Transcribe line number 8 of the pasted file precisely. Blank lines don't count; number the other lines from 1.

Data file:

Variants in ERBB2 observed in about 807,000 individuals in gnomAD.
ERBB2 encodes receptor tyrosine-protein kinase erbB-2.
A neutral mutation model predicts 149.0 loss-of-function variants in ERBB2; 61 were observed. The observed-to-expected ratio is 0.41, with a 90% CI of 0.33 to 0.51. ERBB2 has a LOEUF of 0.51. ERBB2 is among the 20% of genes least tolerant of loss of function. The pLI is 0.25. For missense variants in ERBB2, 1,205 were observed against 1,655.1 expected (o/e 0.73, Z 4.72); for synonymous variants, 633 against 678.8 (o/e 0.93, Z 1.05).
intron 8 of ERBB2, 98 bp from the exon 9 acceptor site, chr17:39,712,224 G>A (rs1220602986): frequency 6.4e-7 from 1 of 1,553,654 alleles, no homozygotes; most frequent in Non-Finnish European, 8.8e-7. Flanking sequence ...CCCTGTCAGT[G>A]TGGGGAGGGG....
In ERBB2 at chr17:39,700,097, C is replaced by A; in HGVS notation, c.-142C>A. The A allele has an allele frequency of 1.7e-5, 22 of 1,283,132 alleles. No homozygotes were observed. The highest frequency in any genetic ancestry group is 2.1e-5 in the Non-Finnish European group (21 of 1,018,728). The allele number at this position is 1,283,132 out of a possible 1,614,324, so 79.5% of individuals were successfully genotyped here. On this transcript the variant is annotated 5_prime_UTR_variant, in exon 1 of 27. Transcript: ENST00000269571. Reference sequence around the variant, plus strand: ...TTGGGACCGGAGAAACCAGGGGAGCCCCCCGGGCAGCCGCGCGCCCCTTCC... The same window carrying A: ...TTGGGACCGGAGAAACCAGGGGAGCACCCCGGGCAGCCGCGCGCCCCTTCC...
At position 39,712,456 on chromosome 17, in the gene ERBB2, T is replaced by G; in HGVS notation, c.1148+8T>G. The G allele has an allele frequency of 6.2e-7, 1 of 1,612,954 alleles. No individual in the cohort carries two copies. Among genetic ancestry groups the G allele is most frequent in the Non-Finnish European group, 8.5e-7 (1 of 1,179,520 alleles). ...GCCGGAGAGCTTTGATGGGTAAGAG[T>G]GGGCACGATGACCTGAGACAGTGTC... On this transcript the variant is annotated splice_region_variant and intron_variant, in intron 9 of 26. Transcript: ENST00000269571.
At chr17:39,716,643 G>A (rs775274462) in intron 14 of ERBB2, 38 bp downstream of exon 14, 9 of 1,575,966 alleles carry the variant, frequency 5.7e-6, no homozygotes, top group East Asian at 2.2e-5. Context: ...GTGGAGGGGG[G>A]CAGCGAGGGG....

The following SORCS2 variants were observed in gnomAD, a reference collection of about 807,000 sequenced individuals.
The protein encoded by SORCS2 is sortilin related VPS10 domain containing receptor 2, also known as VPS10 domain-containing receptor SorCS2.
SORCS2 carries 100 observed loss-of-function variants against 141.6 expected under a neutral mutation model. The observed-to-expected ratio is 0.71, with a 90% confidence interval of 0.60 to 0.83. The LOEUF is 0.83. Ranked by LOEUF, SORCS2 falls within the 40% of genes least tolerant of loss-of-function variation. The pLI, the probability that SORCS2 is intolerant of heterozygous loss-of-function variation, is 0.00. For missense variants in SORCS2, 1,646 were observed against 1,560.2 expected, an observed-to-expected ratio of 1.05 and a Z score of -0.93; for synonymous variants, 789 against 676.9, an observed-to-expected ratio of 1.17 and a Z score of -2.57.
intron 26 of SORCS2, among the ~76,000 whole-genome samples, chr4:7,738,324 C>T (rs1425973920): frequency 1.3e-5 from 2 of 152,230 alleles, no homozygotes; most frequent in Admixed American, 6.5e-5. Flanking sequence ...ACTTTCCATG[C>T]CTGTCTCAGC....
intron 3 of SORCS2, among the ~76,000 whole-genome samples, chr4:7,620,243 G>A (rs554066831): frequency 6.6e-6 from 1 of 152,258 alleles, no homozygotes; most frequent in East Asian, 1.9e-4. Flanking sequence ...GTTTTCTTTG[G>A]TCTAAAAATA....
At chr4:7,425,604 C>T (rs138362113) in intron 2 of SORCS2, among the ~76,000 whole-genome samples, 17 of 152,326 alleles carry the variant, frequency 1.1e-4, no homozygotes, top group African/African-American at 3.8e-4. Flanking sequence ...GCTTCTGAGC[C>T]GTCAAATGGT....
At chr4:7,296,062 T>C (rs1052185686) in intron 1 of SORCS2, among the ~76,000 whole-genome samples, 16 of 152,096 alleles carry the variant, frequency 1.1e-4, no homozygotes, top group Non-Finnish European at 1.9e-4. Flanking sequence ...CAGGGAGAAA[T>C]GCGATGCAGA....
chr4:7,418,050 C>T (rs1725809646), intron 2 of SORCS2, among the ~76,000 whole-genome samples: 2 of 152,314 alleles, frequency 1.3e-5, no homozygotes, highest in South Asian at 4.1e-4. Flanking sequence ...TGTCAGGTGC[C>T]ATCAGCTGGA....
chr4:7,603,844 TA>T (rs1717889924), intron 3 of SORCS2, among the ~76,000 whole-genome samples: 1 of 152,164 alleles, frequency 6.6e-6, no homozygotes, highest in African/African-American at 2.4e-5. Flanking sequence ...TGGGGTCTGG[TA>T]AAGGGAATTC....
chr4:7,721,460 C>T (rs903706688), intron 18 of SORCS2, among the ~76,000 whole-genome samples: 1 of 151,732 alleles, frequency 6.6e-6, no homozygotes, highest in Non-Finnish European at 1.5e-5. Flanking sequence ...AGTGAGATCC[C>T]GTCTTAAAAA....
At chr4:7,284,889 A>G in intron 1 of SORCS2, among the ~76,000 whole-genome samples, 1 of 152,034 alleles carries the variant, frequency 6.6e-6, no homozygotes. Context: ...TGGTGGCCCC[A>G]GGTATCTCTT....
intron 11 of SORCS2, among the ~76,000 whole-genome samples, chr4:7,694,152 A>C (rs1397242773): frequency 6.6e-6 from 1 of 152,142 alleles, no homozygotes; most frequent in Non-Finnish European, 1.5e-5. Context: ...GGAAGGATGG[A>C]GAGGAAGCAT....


The following SORCS2 variants were observed in gnomAD, a reference collection of about 807,000 sequenced individuals.